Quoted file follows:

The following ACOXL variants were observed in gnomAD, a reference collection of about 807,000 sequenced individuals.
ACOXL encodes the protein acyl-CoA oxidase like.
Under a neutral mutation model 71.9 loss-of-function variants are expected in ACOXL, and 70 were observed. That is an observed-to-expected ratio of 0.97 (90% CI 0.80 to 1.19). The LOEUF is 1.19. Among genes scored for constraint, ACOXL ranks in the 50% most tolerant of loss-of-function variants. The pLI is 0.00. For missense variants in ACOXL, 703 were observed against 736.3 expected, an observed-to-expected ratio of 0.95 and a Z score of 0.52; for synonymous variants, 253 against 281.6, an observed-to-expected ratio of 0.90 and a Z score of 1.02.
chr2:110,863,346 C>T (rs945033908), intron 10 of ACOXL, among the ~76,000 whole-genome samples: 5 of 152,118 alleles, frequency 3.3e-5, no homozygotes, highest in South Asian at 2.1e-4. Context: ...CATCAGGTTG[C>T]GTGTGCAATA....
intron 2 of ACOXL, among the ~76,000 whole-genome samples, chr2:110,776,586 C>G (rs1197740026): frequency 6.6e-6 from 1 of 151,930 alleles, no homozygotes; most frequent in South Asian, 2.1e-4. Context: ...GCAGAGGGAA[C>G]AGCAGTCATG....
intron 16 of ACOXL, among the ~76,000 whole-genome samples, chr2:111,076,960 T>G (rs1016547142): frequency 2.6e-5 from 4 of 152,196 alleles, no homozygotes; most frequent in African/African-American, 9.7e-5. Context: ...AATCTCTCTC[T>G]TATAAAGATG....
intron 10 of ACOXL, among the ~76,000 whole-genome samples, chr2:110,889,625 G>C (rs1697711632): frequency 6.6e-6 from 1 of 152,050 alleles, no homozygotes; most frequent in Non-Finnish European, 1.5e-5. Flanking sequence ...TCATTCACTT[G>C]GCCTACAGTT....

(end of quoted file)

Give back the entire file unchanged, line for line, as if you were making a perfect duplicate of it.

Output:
The following ACOXL variants were observed in gnomAD, a reference collection of about 807,000 sequenced individuals.
ACOXL encodes the protein acyl-CoA oxidase like.
Under a neutral mutation model 71.9 loss-of-function variants are expected in ACOXL, and 70 were observed. That is an observed-to-expected ratio of 0.97 (90% CI 0.80 to 1.19). The LOEUF is 1.19. Among genes scored for constraint, ACOXL ranks in the 50% most tolerant of loss-of-function variants. The pLI is 0.00. For missense variants in ACOXL, 703 were observed against 736.3 expected, an observed-to-expected ratio of 0.95 and a Z score of 0.52; for synonymous variants, 253 against 281.6, an observed-to-expected ratio of 0.90 and a Z score of 1.02.
chr2:110,863,346 C>T (rs945033908), intron 10 of ACOXL, among the ~76,000 whole-genome samples: 5 of 152,118 alleles, frequency 3.3e-5, no homozygotes, highest in South Asian at 2.1e-4. Context: ...CATCAGGTTG[C>T]GTGTGCAATA....
intron 2 of ACOXL, among the ~76,000 whole-genome samples, chr2:110,776,586 C>G (rs1197740026): frequency 6.6e-6 from 1 of 151,930 alleles, no homozygotes; most frequent in South Asian, 2.1e-4. Context: ...GCAGAGGGAA[C>G]AGCAGTCATG....
intron 16 of ACOXL, among the ~76,000 whole-genome samples, chr2:111,076,960 T>G (rs1016547142): frequency 2.6e-5 from 4 of 152,196 alleles, no homozygotes; most frequent in African/African-American, 9.7e-5. Context: ...AATCTCTCTC[T>G]TATAAAGATG....
intron 10 of ACOXL, among the ~76,000 whole-genome samples, chr2:110,889,625 G>C (rs1697711632): frequency 6.6e-6 from 1 of 152,050 alleles, no homozygotes; most frequent in Non-Finnish European, 1.5e-5. Flanking sequence ...TCATTCACTT[G>C]GCCTACAGTT....